Palestinians are also witnessing a replacement of Jerusalem’s Palestinian history with a Jewish one by stealth. This can be seen through road signs which no longer list the road or neighbourhood name in Arabic using its historical Arabic name but by a Hebrew replacement. So young Palestinians and visitors will use the Hebrew replacement thus providing further Judaisation of the city.

Under PM Binyamin Netanyahu’s government, the number of “visits” by Jewish settlers to Alaqsa mosque has increased. They take place without invitation or coordination with the Jordanian Waqf, which under the various agreements administers the Muslim Holy site. The settlers are accompanied by Israeli Occupation Forces and clashes erupt regularly between Palestinian worshippers and the settlers.

In order to facilitate the settler visits, Israel regularly bars Palestinians from entering the mosque. This has led Palestinians to believe that Israel plans eventually to divide the site between Jews and Muslims and to fear that the number of settlers who wish to replace Alaqsa with a Jewish temple is increasing both in number and influence in what is a settler-led government.

In Jerusalem Palestinians and Israelis interact regularly, unlike other parts of the West Bank. At times of rising tensions, this can lead to friction and in some cases outright violence. While Israelis are protected by the occupation forces, Palestinians feel vulnerable as they have no confidence in the occupation forces offering protection. Incidents such as the burning alive of Palestinian child Muhammed Abu Khdair in 2014 and the lack of justice for him confirm these fears.

The impact of all these things has been to create a feeling among the Palestinians of Jerusalem that they are losing their city to the colonisers. Israel controls every aspect of their daily lives and does all it can to control the demography of the city to at best maintain the current proportions of Israeli Jews and Palestinians but at worst to change it over time to ensure a clear Jewish majority.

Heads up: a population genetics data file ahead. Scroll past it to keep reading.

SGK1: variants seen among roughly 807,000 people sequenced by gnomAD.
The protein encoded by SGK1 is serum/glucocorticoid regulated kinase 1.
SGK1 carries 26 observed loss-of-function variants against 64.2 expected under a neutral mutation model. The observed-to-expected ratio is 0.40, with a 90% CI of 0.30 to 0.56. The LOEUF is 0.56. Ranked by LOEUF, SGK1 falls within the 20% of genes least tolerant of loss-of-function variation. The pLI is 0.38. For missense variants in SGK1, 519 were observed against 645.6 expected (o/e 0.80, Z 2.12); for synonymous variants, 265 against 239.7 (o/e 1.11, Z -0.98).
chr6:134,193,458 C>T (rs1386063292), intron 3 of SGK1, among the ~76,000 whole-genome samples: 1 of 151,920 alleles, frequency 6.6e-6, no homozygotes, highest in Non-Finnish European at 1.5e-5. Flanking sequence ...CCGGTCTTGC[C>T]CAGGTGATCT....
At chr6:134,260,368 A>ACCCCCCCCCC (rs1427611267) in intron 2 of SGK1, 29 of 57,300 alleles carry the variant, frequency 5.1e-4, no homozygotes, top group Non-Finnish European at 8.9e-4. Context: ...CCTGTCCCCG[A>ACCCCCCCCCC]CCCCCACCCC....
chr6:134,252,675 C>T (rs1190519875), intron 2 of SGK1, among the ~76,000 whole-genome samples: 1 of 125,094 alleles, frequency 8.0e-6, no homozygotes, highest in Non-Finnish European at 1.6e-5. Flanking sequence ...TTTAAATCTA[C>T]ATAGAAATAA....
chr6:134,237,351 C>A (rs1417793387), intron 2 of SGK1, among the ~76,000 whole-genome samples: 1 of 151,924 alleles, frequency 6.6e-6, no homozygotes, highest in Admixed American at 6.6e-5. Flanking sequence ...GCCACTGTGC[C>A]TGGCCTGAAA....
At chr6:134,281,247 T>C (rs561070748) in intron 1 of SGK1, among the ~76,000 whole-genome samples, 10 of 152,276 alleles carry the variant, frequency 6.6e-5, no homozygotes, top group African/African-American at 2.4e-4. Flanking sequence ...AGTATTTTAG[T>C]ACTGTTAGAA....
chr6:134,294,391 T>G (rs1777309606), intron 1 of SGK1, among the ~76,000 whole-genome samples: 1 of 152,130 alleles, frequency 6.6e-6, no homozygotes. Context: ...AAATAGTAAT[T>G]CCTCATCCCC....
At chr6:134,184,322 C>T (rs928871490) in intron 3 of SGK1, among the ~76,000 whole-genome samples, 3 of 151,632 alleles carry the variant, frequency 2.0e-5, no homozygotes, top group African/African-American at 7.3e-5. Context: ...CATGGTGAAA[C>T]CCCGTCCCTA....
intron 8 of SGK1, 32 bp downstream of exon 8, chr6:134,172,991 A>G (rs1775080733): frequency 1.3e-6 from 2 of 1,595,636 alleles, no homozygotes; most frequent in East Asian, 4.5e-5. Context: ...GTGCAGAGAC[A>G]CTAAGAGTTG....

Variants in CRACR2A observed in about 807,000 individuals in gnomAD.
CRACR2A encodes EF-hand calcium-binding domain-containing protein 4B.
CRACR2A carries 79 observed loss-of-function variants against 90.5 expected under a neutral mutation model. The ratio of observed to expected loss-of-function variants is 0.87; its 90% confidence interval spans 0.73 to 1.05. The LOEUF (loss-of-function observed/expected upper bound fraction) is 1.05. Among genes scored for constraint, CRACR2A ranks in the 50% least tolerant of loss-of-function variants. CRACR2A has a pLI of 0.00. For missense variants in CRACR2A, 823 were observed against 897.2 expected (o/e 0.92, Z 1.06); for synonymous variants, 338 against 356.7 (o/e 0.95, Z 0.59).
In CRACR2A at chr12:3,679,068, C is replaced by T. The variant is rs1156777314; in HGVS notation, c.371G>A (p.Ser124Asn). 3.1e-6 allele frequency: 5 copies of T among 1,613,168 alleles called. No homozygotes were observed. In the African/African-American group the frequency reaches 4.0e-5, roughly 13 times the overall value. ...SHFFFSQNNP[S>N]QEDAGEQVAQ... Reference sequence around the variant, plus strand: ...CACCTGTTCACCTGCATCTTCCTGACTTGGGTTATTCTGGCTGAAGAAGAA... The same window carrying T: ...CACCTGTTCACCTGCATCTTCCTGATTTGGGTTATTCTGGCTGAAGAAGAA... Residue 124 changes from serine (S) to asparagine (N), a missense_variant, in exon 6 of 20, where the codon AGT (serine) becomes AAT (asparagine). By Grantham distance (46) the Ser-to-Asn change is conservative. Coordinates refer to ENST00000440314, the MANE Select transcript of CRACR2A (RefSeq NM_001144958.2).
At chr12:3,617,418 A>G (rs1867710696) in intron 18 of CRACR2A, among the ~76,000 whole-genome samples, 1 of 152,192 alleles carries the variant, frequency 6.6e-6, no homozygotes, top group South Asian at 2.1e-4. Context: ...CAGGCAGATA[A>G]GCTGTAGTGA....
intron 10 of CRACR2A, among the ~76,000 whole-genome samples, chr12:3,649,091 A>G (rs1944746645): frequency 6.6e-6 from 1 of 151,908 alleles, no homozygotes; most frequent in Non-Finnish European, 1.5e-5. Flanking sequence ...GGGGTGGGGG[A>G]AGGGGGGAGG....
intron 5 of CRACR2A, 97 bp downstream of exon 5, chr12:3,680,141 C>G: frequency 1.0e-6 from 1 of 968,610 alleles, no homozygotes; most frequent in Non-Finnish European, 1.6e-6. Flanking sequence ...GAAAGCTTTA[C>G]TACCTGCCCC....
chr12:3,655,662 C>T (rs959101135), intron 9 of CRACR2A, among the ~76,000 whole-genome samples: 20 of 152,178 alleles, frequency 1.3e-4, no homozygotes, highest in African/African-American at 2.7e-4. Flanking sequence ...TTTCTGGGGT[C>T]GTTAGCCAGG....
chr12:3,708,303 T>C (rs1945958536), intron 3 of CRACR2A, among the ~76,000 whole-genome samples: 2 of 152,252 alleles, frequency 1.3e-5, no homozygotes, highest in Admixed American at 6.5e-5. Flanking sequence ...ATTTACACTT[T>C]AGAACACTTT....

This has helped ferment a state of continuous Palestinian anger as they see their city being taken away from them. This anger can explain the recent Palestinian uprising which started in October in which over 150 Palestinians have lost their lives in alleged attacks against Israeli civilians and occupation forces. Because the Palestinian Authority, which exercises a security cooperation with Israel in the rest of the West Bank, has no presence in annexed East Jerusalem, it has paradoxically allowed the population to hit back at the occupation with acts of revenge that have at times been violent.

As the French try to initiate another attempt to find a way forward to peace, all stakeholders should see East Jerusalem Street as the barometer for the seriousness of any initiative. If Palestinians can see an end to the rabid Israeli colonisation of their city, then peace might have a chance of coming to the Holy Land. Without this, the current rise that started in Jerusalem could morph into a full intifada.

مقابلة مع قناة القدس عن فعاليات التضامن مع فلسطين

مقابلة مع قناة القدس عن فعاليات التضامن مع فلسطين
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Press release from Britain-Palestine APPG

This press release follows the UK Government’s announcement that it would ban local authorities and other publicly financed bodies from boycotts, including those of illegal Israeli settlement goods.


Richard Burden MP blasts Ministers for ducking Parliamentary Scrutiny of “Anti –Boycott rules”

Richard Burden MP, Chair of Britain-Palestine All-Party Group has today accused Cabinet Office Minister Matthew Hancock of trying to duck Parliamentary Scrutiny for new restrictions on public sector procurement and ethical investment decisions, stating last week’s announcement should have been made to MPs, rather than on a visit in Israel.

Mr Burden said today:

This all started last October at the Conservative Party Conference, when Matt Hancock issued a press release outlining the Government’s intention “to stop politically-motivated boycott and divestment campaigns by town halls against UK defence companies and against Israel.”